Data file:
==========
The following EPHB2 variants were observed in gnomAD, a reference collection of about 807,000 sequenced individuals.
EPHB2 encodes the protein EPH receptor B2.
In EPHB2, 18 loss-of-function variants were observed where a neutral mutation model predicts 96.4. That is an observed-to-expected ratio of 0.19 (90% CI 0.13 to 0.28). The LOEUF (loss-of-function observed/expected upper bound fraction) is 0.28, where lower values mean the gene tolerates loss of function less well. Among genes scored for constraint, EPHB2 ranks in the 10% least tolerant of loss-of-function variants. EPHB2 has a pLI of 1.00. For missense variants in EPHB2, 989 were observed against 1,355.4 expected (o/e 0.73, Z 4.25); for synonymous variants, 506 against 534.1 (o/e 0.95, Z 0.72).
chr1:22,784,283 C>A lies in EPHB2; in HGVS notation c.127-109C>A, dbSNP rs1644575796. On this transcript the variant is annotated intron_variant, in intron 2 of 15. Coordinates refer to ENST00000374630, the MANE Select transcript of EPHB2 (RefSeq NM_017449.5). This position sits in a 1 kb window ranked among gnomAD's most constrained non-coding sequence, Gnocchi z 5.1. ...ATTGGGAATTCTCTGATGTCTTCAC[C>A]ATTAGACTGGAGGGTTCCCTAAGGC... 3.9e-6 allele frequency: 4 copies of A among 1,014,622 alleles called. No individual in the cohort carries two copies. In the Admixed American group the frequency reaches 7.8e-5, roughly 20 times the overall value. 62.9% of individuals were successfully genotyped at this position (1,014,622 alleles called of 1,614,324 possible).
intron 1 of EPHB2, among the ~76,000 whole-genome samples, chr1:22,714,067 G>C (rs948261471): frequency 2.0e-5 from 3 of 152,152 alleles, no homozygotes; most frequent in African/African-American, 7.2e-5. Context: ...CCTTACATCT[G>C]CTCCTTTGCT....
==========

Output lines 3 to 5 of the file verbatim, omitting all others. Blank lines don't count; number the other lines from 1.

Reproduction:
In EPHB2, 18 loss-of-function variants were observed where a neutral mutation model predicts 96.4. That is an observed-to-expected ratio of 0.19 (90% CI 0.13 to 0.28). The LOEUF (loss-of-function observed/expected upper bound fraction) is 0.28, where lower values mean the gene tolerates loss of function less well. Among genes scored for constraint, EPHB2 ranks in the 10% least tolerant of loss-of-function variants. EPHB2 has a pLI of 1.00. For missense variants in EPHB2, 989 were observed against 1,355.4 expected (o/e 0.73, Z 4.25); for synonymous variants, 506 against 534.1 (o/e 0.95, Z 0.72).
chr1:22,784,283 C>A lies in EPHB2; in HGVS notation c.127-109C>A, dbSNP rs1644575796. On this transcript the variant is annotated intron_variant, in intron 2 of 15. Coordinates refer to ENST00000374630, the MANE Select transcript of EPHB2 (RefSeq NM_017449.5). This position sits in a 1 kb window ranked among gnomAD's most constrained non-coding sequence, Gnocchi z 5.1. ...ATTGGGAATTCTCTGATGTCTTCAC[C>A]ATTAGACTGGAGGGTTCCCTAAGGC... 3.9e-6 allele frequency: 4 copies of A among 1,014,622 alleles called. No individual in the cohort carries two copies. In the Admixed American group the frequency reaches 7.8e-5, roughly 20 times the overall value. 62.9% of individuals were successfully genotyped at this position (1,014,622 alleles called of 1,614,324 possible).
intron 1 of EPHB2, among the ~76,000 whole-genome samples, chr1:22,714,067 G>C (rs948261471): frequency 2.0e-5 from 3 of 152,152 alleles, no homozygotes; most frequent in African/African-American, 7.2e-5. Context: ...CCTTACATCT[G>C]CTCCTTTGCT....